What I Wish our Bishops Would Say

In an open letter to Texas bishop Janice Huie, advocates for full inclusion of  gay persons in the life of the church asked a number of questions about church trials and the harm they perceive being done.   You can read the full letter, and their questions, HERE.


Many of us clergy and lay people are hoping and praying that a strong, concise, clear voice would emerge from the chaos surrounding our church trials.    Please, lead us!  I am not sure if the bishop has responded to these questions.   I have taken the liberty of responding below in a way that myself and many others wish our bishops would respond to such questions (I have not addressed all seven from the original post, but only the first three).

  • How does the Council of Bishops’ call for another trial do good for this broken body of the United Methodist Church, and for our witness to the world? How does another trial further our mission to make disciples of Jesus Christ for the transformation of the world?

These questions prompt questions of my own:   How does the outright rebellion of Methodist pastors, who publicly and arrogantly break the covenant they have made with both God and the Church, help to further our mission to make disciples of Jesus Christ for the transformation of the world?    Or, how does our celebration of and approval of sin help anyone make a disciple of Jesus Christ?   Who is being transformed, and into what are they being transformed?

We have biblical guidance when it comes to handling those who choose not to repent from their sin.   Jesus instructs us in Matthew 18 that if a person does not listen to private rebuke, nor to the rebuke of a council, nor to that of the church, then they are to be dismissed from the assembly.   Paul insists that one of our duties is to judge those inside the church.  Those who persist in sin while claiming for themselves the name “brother” are to be “purged” from among the assembly (1 Cor. 5:11-13).    If we do not follow these biblical commands to enact church discipline then we, too, would be in sin, as our acquiescence would be an implicit approval of those who continue practicing sin (Rom. 1:32).

We believe that our commission to make disciples of Jesus Christ involves far more than providing a space of tolerance where any and all can gather for the purpose of doing good works.    While our doors are open to all, once inside we expect that lives will be transformed by the living God we come to worship.   These church trials are necessary because we believe those pastors who are violating our covenant and blessing that which God calls sin are failing to make disciples of Jesus Christ.    A disciple, by definition, is one who forsakes their selfish ways, takes up their cross, and follows Jesus (Matt. 16:24).    Our Lord himself affirmed that from the beginning marriage was meant to be between one man and one woman (Matt. 19:4-5) and we affirm that any deviation from that is symptomatic of our fallen nature.   All of us are broken, and all of us, because of sin, love the wrong things.   The church’s mission to make disciples must include a call to die to ourselves along with the loving nurture which helps us all to redirect our desires toward their appointed end: God.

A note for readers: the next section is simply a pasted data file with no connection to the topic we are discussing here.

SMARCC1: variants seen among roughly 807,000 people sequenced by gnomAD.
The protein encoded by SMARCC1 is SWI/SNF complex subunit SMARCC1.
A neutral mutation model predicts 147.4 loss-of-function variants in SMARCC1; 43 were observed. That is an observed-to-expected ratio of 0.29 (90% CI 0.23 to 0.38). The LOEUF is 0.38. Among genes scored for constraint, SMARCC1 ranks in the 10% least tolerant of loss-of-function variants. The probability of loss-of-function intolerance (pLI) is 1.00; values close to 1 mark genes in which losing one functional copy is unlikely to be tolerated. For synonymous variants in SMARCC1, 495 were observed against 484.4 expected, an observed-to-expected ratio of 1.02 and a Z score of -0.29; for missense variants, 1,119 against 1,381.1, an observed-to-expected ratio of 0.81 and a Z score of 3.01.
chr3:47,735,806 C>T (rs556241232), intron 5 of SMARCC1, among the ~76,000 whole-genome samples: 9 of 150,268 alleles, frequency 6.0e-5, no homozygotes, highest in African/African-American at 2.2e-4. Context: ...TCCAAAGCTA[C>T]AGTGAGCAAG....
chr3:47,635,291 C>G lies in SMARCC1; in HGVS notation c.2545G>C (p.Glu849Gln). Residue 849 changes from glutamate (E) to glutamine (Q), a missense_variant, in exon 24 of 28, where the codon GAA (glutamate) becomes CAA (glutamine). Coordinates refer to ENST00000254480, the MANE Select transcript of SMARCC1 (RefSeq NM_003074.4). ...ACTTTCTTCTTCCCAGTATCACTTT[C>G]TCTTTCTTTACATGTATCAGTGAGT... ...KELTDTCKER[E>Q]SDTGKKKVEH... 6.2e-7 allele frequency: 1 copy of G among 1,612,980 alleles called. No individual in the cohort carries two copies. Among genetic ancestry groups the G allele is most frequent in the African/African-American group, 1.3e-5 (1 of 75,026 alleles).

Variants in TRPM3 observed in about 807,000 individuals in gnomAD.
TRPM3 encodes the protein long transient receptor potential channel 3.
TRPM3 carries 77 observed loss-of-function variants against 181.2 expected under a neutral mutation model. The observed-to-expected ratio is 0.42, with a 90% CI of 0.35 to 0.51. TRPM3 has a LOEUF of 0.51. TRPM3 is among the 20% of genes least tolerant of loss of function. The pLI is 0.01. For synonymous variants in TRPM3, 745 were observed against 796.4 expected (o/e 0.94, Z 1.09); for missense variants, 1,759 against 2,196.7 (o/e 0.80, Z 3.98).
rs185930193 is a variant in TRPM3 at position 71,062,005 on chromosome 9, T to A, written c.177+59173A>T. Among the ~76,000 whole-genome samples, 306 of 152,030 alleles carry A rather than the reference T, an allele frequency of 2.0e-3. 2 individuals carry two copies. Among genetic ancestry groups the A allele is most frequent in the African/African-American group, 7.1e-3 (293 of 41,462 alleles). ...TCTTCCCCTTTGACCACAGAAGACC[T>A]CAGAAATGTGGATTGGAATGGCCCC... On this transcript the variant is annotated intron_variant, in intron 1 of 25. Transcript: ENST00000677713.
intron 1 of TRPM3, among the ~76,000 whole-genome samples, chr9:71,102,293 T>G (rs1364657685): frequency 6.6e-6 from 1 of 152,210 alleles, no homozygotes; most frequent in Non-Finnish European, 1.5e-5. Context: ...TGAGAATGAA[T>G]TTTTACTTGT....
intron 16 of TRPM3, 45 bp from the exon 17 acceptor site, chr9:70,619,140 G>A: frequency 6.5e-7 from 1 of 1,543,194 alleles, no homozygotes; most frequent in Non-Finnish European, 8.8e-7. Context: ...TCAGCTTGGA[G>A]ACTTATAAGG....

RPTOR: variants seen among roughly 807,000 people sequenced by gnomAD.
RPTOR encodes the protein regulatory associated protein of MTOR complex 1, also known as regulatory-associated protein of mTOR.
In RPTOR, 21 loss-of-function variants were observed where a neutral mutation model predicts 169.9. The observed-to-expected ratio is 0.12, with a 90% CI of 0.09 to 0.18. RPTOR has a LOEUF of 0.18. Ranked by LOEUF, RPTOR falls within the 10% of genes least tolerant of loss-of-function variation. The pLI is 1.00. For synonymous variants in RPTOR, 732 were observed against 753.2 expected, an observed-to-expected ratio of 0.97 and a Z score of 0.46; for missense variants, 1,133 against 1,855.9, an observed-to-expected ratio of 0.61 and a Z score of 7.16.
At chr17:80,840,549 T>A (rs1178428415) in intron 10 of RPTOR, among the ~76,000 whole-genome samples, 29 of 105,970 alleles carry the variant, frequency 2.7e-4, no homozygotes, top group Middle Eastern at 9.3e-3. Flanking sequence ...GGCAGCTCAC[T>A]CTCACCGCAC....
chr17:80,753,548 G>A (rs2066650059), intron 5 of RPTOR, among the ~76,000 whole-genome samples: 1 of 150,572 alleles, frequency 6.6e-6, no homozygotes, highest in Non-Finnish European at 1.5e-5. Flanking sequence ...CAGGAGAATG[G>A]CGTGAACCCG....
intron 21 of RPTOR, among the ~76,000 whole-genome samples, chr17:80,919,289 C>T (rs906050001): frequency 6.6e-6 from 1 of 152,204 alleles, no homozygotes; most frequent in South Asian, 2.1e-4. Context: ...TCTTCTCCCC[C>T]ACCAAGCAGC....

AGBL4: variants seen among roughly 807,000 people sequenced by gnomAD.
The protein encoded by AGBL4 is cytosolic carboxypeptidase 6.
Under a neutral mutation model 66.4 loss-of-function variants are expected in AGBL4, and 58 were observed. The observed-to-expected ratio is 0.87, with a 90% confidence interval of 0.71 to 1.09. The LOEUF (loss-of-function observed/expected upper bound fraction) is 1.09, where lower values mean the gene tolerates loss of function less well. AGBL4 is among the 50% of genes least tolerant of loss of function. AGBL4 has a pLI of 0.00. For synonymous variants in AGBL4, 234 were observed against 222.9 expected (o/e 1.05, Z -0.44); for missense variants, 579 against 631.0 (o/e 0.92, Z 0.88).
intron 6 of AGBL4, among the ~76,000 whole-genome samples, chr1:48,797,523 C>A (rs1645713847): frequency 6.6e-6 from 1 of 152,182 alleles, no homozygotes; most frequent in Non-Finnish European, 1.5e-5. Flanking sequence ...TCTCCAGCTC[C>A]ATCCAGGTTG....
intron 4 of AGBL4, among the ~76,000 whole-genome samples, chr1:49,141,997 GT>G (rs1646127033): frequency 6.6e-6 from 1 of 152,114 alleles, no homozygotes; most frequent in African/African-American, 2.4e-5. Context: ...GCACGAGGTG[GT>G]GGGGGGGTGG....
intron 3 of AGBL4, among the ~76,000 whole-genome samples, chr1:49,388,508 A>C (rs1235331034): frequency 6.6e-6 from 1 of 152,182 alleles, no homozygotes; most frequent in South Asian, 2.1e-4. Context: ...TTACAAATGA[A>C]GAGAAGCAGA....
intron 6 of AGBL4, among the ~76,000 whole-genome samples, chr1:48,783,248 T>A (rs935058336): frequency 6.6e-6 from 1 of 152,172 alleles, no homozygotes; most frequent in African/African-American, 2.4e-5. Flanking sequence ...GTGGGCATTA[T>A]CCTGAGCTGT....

So to answer your question, trials will continue so long as we have pastors who distort our witness to the world by suggesting that they can love whatever or whomever they desire and still call themselves a “brother” or a “sister” or think of themselves as disciples of Jesus Christ.

  • How does the Council of Bishops’ call for another trial do no harm – to gay persons, their families, the pastors who serve them? How does it do no harm to the unchurched who are seeking a place to experience the love and grace of God but see instead a denomination putting its own on trial after trial?

When a rich young ruler asked Jesus what he must do to inherit eternal life, Jesus told him to sell all of his possessions, give the money to the poor, and come follow him.   This rich man turned away “grieving” and “saddened” because the demands of Jesus proved too costly (Mark 10:17-27).  Did Jesus do “harm” to this man?   Prior to the demand Jesus makes on this young man’s life,  Mark makes it clear that he “loved him.”   This love, however, was not of the sentimental sort, wishing not to offend.  This was the sort of love that called for radical surrender seeking to transform a rebellious, selfish heart into an obedient, selfless one.     Note that Jesus, though loving him,  did not chase after this grieving man, softening his demands so that he might gain a new member.   When his disciples ask incredulously, “Who then can be saved?” Jesus tells them that with people it’s impossible, but with God, all things are possible.

We confess that we have grown lax in our demands of what being a disciple requires as United Methodist Christians.    When our church was at her best it was required of members to be part of a band, or class meeting, where members continually laid their disordered loves at the altar through accountable discipleship.   In our zeal to grow our membership we have been swayed by the broad road of culture and have lowered the bar which Jesus set for those who call him Lord.   We confess that over the years our mission to see the transformation of the world has been primarily about doing good works to the exclusion of seeing scriptural holiness spread throughout the land.  This must change if we are to have God’s blessing upon our church.